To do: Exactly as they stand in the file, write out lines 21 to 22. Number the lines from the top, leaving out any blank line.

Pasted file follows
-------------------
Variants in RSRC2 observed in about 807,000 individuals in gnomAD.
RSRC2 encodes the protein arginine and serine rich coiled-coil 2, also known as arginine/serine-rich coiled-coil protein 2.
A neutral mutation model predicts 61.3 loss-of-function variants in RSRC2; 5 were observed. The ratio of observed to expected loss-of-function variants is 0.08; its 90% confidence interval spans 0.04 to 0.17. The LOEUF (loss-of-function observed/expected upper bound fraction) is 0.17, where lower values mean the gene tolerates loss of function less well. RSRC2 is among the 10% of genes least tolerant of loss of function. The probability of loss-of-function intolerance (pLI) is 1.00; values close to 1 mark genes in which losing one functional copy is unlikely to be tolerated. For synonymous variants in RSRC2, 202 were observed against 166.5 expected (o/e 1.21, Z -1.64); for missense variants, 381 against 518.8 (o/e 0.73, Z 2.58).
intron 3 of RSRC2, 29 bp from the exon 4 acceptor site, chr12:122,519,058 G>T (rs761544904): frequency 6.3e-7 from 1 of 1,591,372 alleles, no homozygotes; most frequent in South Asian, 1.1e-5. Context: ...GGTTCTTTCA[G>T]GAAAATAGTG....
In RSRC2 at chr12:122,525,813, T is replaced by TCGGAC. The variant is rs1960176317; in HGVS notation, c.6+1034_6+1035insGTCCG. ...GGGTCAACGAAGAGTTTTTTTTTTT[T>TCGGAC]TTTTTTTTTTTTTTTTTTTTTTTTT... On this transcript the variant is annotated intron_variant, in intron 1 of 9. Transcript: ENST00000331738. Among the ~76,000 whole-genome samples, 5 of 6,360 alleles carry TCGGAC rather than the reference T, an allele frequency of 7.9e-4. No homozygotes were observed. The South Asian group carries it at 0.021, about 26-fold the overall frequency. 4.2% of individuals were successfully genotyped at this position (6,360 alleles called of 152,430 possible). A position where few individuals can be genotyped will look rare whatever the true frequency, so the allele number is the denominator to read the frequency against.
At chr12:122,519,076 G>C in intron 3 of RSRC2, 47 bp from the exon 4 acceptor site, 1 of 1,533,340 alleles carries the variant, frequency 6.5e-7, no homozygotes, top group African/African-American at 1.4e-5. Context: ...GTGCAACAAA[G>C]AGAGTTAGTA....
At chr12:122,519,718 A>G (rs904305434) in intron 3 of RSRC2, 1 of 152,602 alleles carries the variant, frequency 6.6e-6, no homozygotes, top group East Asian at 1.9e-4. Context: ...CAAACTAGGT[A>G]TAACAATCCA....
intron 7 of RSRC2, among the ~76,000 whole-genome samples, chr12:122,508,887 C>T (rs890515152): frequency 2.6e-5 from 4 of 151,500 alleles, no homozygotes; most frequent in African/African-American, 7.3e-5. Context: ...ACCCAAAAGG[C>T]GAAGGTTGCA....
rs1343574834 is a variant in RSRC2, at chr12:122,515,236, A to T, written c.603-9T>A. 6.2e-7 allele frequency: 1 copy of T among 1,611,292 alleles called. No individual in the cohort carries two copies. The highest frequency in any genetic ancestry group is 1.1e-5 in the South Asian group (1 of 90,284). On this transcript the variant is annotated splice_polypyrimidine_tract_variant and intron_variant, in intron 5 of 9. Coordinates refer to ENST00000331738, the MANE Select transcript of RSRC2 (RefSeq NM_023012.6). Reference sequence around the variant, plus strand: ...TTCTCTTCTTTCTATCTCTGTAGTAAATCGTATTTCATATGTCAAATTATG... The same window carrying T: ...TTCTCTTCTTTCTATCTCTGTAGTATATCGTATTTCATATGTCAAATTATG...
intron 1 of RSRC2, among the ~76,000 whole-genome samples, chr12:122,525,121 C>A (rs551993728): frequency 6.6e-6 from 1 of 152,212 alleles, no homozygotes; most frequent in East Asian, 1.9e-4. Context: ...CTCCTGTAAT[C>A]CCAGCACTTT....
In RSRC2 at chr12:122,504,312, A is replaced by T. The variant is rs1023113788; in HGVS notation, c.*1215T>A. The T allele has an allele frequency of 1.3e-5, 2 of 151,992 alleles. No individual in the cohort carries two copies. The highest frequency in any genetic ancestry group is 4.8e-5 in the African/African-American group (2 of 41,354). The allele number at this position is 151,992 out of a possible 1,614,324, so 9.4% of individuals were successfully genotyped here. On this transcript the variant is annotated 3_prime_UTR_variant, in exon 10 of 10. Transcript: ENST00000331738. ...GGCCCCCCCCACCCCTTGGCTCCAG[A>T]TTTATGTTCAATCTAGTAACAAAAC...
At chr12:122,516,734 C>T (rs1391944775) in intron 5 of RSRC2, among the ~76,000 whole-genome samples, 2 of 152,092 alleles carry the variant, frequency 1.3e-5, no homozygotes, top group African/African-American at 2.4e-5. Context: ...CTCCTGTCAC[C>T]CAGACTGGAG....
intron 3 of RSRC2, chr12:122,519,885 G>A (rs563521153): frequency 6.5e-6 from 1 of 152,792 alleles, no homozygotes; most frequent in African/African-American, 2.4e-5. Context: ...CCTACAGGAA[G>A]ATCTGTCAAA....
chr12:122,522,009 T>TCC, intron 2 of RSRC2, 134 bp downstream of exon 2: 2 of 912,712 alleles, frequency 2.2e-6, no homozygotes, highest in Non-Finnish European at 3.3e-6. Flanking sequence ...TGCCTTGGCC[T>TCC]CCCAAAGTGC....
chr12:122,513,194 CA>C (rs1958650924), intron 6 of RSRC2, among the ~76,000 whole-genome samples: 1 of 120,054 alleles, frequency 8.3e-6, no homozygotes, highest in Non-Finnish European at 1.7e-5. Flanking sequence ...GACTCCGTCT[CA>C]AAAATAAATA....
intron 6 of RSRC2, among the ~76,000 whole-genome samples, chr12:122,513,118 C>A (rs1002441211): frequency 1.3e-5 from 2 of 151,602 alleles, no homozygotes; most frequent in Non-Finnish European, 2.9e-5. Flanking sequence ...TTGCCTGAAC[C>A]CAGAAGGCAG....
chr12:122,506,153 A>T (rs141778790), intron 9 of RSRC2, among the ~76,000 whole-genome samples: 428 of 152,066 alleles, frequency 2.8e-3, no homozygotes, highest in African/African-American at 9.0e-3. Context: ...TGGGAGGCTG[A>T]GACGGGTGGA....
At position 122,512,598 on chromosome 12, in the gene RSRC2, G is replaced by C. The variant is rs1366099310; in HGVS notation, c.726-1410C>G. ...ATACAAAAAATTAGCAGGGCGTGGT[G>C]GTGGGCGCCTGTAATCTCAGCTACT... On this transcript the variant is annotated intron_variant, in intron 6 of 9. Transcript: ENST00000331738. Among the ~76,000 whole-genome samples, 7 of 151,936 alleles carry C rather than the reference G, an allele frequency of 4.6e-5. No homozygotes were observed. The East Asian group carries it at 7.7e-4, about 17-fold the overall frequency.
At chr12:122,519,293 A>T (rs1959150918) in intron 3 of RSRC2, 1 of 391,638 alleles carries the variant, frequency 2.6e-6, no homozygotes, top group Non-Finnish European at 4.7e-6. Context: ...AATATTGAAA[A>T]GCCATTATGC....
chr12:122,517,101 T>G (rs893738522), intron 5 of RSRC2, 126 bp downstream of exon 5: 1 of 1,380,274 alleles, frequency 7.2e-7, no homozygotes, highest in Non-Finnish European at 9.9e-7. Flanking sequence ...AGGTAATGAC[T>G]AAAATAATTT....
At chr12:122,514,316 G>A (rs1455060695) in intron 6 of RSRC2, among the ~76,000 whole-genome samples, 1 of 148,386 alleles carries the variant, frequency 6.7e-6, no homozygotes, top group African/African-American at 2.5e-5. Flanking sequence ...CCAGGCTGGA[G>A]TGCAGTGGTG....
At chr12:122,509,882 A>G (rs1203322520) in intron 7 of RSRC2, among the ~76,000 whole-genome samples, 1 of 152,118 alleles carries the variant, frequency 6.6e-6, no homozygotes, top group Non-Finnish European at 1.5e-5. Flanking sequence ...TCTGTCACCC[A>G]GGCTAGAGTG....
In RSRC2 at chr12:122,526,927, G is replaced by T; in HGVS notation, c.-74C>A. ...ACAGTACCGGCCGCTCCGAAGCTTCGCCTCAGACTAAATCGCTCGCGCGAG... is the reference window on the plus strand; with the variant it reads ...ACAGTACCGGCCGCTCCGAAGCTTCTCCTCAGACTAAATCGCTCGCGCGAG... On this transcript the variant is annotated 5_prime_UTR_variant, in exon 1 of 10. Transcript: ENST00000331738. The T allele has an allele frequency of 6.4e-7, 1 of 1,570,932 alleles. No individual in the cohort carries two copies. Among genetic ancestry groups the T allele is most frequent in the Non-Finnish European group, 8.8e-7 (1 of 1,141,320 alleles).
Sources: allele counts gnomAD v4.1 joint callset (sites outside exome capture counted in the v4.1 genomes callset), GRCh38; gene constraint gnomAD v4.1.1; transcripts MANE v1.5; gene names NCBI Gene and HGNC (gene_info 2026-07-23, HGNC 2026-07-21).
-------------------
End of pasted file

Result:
At chr12:122,514,316 G>A (rs1455060695) in intron 6 of RSRC2, among the ~76,000 whole-genome samples, 1 of 148,386 alleles carries the variant, frequency 6.7e-6, no homozygotes, top group African/African-American at 2.5e-5. Flanking sequence ...CCAGGCTGGA[G>A]TGCAGTGGTG....
At chr12:122,509,882 A>G (rs1203322520) in intron 7 of RSRC2, among the ~76,000 whole-genome samples, 1 of 152,118 alleles carries the variant, frequency 6.6e-6, no homozygotes, top group Non-Finnish European at 1.5e-5. Flanking sequence ...TCTGTCACCC[A>G]GGCTAGAGTG....